Diamond cut diamond.?J >hn Ford.
GARLINGTON THE BOAT.
SEMINOLE PROMOTER FOUND
GUILTY BY RICH LAND JURY.
The Jury Was Out Eight Hours and
Roth Garlington and Young Spent
liast Night in Jail?The Trustees
Whose Names and Influence Lured
Hundreds Into the Trap Not Eren
Columbia, Jan. 15.?John Y. Gar?
lington and Jas. Stobo Young were
last night adjudged guilty on a
charge of breach of t*ust with fraud?
This was the fourth count, of an
indictment that charged "conspiracy,
breach of trust with fraudulent in?
tention of stock, larceny of stock,
breach of trust with fraudulent Inten?
tion of money and larceny of money."
The fourth count on which the
jury returr.-d a verdict of guilty al?
leges breach of trust of money of the
Seminole Securities Company amount?
ing to $55,596.77.
The jury agreed upon a verdict
about 10 o'clock, after spending eight
hours in the jury room. The judge,
court officials and defendants were
summoned and the verdict was read
about 11 o'clock. The two defend?
ants received the verdict without
show of surprise, and a motion for a
new trial was at once entered by
counsel for the defense.
The judge asked when thi.j motion
could be argued and attorneys for the
defense said they would like tc con?
fer with their senior counsel before
arguing the motion. Judge Prince
j then announced that the motion
L would be argued today, and refused
the request of the defense that the
I bond given for the defendants' anpear
I ance during the trial be held good
pending sentence, and the two defen**
j dants were remanded to jail shortly
after the verdict was read.
I In the words of the indictment
the fourth count says:
"That John Y. Garllngton and Jas.
J Stobo Young, late of the county and
I State aforesaid, on the 15th day of
I January, in the year of our Lord one
I thousand nine hundred and eight
j with force and arms at Columbia
I court house, in the county of Rich
land and in the State of South Car
1 olina, $55,596 in money lawful cur
I rency of the United States of Ameri
I ca, of the value of $55,596, and of
denomination and Issue to the Jurors
I aforesaid unknown, of the property
of Seminole Securities company, a
I corporation duly incorporated under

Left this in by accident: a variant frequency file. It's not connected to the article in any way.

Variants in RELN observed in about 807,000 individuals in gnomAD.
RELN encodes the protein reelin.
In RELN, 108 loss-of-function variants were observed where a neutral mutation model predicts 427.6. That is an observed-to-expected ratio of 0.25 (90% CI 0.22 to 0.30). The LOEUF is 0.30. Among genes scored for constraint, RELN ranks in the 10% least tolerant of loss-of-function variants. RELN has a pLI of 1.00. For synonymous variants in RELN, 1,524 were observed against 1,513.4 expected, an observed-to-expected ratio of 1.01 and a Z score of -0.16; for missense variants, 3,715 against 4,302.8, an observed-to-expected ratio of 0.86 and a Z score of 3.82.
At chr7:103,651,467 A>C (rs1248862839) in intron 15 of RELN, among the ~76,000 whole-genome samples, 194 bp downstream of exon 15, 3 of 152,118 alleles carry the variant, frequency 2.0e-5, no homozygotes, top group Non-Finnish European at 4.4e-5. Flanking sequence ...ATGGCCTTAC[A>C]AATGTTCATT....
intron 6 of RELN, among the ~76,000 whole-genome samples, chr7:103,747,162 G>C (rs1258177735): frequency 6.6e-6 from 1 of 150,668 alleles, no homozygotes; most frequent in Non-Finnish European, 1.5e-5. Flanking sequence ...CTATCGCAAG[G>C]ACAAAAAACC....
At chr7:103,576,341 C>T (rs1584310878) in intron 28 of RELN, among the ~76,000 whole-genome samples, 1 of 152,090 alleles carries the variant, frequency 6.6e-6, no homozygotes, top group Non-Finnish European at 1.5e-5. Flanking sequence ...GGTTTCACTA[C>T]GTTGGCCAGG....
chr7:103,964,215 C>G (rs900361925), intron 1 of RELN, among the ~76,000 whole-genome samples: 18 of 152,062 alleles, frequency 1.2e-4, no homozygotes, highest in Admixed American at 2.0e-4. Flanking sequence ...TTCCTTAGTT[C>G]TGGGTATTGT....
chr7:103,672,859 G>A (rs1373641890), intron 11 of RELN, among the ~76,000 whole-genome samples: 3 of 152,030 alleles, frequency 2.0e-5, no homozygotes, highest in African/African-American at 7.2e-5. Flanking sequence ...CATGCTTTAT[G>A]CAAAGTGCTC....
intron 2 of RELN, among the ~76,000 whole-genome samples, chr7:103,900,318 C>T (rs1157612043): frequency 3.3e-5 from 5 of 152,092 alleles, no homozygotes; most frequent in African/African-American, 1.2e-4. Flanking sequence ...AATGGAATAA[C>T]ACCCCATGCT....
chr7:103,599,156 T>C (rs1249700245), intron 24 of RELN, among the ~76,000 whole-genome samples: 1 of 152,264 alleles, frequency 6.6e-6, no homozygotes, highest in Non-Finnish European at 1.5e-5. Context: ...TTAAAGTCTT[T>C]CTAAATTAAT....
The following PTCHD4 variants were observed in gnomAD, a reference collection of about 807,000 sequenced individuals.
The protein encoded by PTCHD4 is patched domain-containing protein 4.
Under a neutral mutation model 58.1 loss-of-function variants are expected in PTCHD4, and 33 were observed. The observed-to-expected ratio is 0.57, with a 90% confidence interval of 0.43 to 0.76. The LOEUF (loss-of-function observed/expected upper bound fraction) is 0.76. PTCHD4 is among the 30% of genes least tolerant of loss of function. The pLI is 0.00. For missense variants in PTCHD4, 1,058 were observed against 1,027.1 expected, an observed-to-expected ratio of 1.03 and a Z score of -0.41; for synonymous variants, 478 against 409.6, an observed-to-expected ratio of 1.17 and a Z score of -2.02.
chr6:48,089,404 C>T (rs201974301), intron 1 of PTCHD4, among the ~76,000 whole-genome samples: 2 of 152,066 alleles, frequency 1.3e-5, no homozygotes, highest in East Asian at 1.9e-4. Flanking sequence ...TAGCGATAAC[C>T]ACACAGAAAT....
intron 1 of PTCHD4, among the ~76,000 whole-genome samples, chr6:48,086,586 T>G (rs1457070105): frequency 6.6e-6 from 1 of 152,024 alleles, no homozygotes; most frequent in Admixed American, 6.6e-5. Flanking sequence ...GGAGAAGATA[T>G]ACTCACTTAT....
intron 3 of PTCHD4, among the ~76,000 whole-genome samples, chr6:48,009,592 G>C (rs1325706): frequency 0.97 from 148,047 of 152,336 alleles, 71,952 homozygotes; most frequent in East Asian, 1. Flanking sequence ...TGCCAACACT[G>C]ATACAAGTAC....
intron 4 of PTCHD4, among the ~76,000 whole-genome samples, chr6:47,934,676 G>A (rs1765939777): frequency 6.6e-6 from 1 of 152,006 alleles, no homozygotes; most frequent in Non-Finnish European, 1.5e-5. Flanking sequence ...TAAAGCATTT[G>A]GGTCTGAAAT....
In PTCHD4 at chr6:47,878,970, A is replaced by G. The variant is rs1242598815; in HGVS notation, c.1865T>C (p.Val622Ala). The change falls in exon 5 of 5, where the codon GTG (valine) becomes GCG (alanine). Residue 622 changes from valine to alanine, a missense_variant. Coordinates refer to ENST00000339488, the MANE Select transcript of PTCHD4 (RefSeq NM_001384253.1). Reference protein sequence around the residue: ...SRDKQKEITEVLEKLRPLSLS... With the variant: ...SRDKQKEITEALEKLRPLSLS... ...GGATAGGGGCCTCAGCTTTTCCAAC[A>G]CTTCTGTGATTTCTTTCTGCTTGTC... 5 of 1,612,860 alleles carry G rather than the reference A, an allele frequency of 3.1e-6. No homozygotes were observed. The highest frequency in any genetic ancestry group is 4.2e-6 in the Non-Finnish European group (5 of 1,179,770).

j the laws of the State of South Car
I olina, then and ther; being found fe
I loniously did steal, take and carry
I away against the form of the statute
I in such case made and provided and
I against the peace and dignity of the
j The allegation in the count is that
J John Y. Garlington, as president of
I the Seminole Securities company us
I ed various amounts from the funds
j aggregating $55,59<>.77. The checks
j signed for the various sums were
I signed by J. S. Young. When Chas.
|H. Hiely, an expert accountant.
1 made an auditing of the books of the
I Seminole Securities company he *
J found the various sums charged to
?I Garlington and called his attention
I to It. Garlington then showed him
that he held 75,000 shares of the
Seminole Security company stock
and Heily charged the $50,000 drawn
I against this stock, leaving some
$24,000, that the Seminole campany, .
I according to audit, are still indebted
j to Garlington, provided Garllngton
j really owned the stock.
The members of the jury who
I rendered the verdict are: A. C. Kin>
ard, forman; Geo. B. Reaves, G. M.
Dickart, T. E. Shjealey, J. S Bowers,
J. H. Haitchcock, E. J. Vincent, H.
E. Brims. Wade A. LeGrande, Chas.
Grimsley, D. T. Ready, W. D. Jor
CHANDLER'S SLAYER FREE.
Trial at Panama of Man Who Killed
Editor. Formerly of Wlnnsboro,
Results in Acquittal.
Panama, Jan. 14.?Gen. Herbert
Jeffries, who last August struck Wil?
liam Nichols Chandler, editor of the
Panama Press, on the head with a
large revolver, from the effects of
which Chandler died, was tried today
and acquitted of the charge of mur?
der The killing was the result of
an article printed In the newspaper
reflecting upon one of Gen. Jeffries*
Gen. Jeffries Is a graduate of West
Point and has been prominent in
nearly every revolution for many
years past in Central America.
Chandler hailed from Wlnnsbopj.
With man, most of his misfortunes
are occasioned by man.?Pliny.
It Is rumored that Secretary Kite*
is thinking seriously of peOOgnttlng
Congressional insurgents.?New York
Bv< ning Post.
A general in the revolutionary
army of Nicaragua is paid 20 cents a
day, and Is considered well worth the
money.?New York Mail.